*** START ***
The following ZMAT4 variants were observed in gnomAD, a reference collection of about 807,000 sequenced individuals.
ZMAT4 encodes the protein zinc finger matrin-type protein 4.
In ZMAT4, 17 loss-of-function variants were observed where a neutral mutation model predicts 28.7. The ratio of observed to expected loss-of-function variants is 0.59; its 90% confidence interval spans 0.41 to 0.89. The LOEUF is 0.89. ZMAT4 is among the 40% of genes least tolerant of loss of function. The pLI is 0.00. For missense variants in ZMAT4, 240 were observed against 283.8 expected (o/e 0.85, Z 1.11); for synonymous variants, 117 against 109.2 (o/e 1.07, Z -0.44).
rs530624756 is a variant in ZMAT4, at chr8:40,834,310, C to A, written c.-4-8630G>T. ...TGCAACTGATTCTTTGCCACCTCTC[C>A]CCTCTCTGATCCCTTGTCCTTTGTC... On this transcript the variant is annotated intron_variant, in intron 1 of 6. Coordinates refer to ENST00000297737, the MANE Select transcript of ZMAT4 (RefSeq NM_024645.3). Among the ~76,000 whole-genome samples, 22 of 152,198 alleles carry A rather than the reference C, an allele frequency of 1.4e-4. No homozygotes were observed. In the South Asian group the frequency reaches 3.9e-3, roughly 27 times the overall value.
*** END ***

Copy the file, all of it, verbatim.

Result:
The following ZMAT4 variants were observed in gnomAD, a reference collection of about 807,000 sequenced individuals.
ZMAT4 encodes the protein zinc finger matrin-type protein 4.
In ZMAT4, 17 loss-of-function variants were observed where a neutral mutation model predicts 28.7. The ratio of observed to expected loss-of-function variants is 0.59; its 90% confidence interval spans 0.41 to 0.89. The LOEUF is 0.89. ZMAT4 is among the 40% of genes least tolerant of loss of function. The pLI is 0.00. For missense variants in ZMAT4, 240 were observed against 283.8 expected (o/e 0.85, Z 1.11); for synonymous variants, 117 against 109.2 (o/e 1.07, Z -0.44).
rs530624756 is a variant in ZMAT4, at chr8:40,834,310, C to A, written c.-4-8630G>T. ...TGCAACTGATTCTTTGCCACCTCTC[C>A]CCTCTCTGATCCCTTGTCCTTTGTC... On this transcript the variant is annotated intron_variant, in intron 1 of 6. Coordinates refer to ENST00000297737, the MANE Select transcript of ZMAT4 (RefSeq NM_024645.3). Among the ~76,000 whole-genome samples, 22 of 152,198 alleles carry A rather than the reference C, an allele frequency of 1.4e-4. No homozygotes were observed. In the South Asian group the frequency reaches 3.9e-3, roughly 27 times the overall value.